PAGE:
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Assuming the Russian observations to be the best, as they probably are, it will be seen that a troy pound deduced according to the method prescribed by the Act, would be 2.829 grains too heavy; while, if the Austrian observations had been accepted as the best, the troy pound would have been 4:707 grains too heavy. On the other hand, it was possible to recover the weight of the lost standard in air to within a fraction of 0.001 grain, by means of the troy pounds which had been compared with it, and could be easily brought together for recomparison. Seeing, then, that the error of one of these two methods of restoring the lost standard, is at least 2829 times as large as the error of the other method, the Committee could not hesitate to recommend the adoption of the latter.
A Committee was appointed by a Treasury Minute of June 20, 1843, to carry out the recommendations contained in the Report referred to above. The evidence for ascertaining the weight of the lost standard, placed at the service of this Committee, consisted of the following weights :-The brass troy pounds of the Exchequer Office; the brass troy pounds from the cities of London, Edinburgh and Dublin ; the platinum troy pound and the two brass troy pounds then in the possession of Professor Schumacher; the platinum troy pound of the Royal Society; the troy pound used by the late Mr. Robinson of Devonshire Street, purchased by the Committee; four troy pounds made in 1758, two of which were formerly in the possession of Mr. Bingley of the Royal Mint, one the property of Messrs. Vandome and Titford, and one the property of the Bank of England.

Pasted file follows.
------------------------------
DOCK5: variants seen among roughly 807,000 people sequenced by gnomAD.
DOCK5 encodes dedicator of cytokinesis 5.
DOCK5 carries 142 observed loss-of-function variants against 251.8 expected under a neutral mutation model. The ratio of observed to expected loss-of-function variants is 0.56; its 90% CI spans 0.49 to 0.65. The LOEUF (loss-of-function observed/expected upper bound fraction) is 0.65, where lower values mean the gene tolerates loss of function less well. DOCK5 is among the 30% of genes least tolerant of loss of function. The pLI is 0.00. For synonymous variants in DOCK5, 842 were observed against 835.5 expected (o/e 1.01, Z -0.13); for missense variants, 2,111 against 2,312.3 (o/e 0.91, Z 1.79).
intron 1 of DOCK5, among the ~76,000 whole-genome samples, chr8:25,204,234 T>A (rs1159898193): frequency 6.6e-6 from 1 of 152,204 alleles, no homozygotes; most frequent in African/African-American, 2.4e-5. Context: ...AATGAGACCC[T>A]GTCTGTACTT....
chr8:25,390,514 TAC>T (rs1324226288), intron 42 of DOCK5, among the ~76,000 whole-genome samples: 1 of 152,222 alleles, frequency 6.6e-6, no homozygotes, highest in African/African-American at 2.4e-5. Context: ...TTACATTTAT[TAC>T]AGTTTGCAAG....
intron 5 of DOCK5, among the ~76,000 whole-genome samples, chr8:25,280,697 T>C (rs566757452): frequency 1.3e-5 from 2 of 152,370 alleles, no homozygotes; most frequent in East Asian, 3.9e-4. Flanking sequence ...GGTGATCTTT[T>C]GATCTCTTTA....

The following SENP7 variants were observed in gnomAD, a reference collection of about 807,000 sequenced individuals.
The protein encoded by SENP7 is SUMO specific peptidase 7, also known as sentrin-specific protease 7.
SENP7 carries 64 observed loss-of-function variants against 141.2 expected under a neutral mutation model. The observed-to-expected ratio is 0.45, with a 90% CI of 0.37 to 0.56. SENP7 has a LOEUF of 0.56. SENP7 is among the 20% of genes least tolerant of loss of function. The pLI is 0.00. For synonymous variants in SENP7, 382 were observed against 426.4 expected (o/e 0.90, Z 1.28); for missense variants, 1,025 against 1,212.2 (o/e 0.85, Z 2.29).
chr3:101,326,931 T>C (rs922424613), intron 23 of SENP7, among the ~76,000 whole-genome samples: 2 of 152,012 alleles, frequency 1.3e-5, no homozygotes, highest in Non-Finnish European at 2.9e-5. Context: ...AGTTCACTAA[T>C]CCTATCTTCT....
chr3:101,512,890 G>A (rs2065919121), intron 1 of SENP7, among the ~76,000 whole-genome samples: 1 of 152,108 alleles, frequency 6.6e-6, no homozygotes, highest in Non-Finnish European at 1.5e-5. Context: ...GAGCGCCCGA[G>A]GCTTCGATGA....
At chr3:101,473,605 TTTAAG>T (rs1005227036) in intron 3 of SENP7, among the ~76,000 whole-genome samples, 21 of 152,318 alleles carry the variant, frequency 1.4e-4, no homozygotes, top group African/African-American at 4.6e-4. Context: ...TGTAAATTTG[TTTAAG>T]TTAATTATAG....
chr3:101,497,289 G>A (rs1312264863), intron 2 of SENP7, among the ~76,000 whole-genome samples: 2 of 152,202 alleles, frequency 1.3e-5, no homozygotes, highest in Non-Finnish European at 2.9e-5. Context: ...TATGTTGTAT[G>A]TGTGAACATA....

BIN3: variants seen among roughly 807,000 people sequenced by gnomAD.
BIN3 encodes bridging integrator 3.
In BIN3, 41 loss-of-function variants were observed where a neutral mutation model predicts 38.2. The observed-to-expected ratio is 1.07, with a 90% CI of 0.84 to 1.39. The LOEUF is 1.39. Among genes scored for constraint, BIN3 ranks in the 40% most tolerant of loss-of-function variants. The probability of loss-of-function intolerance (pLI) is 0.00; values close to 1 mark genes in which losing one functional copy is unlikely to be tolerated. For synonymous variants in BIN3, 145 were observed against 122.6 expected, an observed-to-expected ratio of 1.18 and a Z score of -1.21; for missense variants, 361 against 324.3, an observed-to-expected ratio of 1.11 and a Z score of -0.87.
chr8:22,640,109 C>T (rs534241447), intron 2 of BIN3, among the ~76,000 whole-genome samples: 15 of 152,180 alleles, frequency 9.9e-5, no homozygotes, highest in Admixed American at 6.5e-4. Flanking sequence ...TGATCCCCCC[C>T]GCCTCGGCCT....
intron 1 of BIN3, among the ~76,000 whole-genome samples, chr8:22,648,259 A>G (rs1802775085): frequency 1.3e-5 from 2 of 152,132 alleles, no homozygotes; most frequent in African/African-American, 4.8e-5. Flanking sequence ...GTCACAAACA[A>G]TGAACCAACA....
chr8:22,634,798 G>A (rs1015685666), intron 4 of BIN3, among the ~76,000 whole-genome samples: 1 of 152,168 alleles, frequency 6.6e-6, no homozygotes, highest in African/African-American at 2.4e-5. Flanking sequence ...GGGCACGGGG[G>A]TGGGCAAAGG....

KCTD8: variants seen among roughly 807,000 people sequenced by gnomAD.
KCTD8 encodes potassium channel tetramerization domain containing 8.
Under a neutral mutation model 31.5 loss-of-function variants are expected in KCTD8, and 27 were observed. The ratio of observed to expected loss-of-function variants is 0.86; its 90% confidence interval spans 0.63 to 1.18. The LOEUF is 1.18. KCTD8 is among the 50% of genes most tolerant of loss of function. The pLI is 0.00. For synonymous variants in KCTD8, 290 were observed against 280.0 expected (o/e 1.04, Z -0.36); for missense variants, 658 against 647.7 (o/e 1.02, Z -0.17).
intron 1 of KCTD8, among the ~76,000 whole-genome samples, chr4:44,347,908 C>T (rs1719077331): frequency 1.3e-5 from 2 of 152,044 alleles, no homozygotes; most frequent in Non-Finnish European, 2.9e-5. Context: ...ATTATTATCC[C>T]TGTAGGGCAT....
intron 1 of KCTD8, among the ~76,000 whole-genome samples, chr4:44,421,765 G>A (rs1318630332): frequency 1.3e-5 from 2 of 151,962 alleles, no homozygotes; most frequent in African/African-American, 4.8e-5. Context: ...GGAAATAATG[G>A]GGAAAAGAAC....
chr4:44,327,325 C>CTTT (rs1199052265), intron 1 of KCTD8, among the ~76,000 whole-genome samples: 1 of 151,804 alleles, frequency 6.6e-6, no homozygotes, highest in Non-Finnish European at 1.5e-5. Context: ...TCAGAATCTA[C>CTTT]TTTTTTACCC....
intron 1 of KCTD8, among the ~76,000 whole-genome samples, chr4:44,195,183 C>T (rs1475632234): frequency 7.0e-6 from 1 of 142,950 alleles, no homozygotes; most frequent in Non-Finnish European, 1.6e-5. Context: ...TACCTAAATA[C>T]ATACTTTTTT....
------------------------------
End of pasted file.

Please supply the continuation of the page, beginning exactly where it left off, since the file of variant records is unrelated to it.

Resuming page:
The troy pounds of the Exchequer, and of the cities of London, Edinburgh and Dublin had been compared with the lost standard by Captain Kater in 1824. The three troy pounds in the custody of Professor Schumacher, and the troy pound of the Royal Society, were compared with the lost standard with extraordinary care in 1829 by the late Captain v. Nehus. The troy pounds bearing the date 1758 were constructed, along with the lost standard, by Mr. Harris, Assay Master of the Mint. These were referred to at the suggestion of Professor Schumacher, in the hope of arriving at a knowledge of the volume of the lost standard, which, unfortunately, had never been determined by weighing it in water. For, as long
as the volume of the lost standard remains unknown, the weight of the air displaced by it, and, consequently, its absolute weight, is uncertain within limits far exceeding the errors of weighing.
Let U denote the lost standard ; Ex, L, Ed, D, RM the troy pounds of the Exchequer, the cities of London, Edinburgh, Dublin, and the Royal Mint, respectively; Sb, K two brass troy pounds, Sp a platinum troy pound, all in the custody of Professor Schumacher ; RS the platinum troy pound of the Royal Society. Let A prefixed to the symbol by which any weight is designated denote the ratio of the density of the weight at the freezing-point to the maximum density of water ; t the temperature of the air in degrees of Fahrenheit's